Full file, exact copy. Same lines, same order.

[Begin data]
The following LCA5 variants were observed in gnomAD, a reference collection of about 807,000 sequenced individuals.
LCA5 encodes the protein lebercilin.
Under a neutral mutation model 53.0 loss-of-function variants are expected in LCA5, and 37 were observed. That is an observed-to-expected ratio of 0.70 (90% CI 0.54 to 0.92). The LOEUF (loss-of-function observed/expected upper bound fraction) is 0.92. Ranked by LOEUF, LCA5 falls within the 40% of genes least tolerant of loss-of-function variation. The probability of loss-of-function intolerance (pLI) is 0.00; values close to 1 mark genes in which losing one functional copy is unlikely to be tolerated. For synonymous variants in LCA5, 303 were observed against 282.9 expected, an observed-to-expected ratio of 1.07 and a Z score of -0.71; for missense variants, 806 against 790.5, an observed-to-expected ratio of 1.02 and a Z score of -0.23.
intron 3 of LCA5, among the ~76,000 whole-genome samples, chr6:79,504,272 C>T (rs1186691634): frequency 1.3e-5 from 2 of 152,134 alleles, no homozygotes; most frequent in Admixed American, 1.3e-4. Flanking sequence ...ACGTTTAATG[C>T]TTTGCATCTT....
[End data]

The following LCA5 variants were observed in gnomAD, a reference collection of about 807,000 sequenced individuals.
LCA5 encodes the protein lebercilin.
Under a neutral mutation model 53.0 loss-of-function variants are expected in LCA5, and 37 were observed. That is an observed-to-expected ratio of 0.70 (90% CI 0.54 to 0.92). The LOEUF (loss-of-function observed/expected upper bound fraction) is 0.92. Ranked by LOEUF, LCA5 falls within the 40% of genes least tolerant of loss-of-function variation. The probability of loss-of-function intolerance (pLI) is 0.00; values close to 1 mark genes in which losing one functional copy is unlikely to be tolerated. For synonymous variants in LCA5, 303 were observed against 282.9 expected, an observed-to-expected ratio of 1.07 and a Z score of -0.71; for missense variants, 806 against 790.5, an observed-to-expected ratio of 1.02 and a Z score of -0.23.
intron 3 of LCA5, among the ~76,000 whole-genome samples, chr6:79,504,272 C>T (rs1186691634): frequency 1.3e-5 from 2 of 152,134 alleles, no homozygotes; most frequent in Admixed American, 1.3e-4. Flanking sequence ...ACGTTTAATG[C>T]TTTGCATCTT....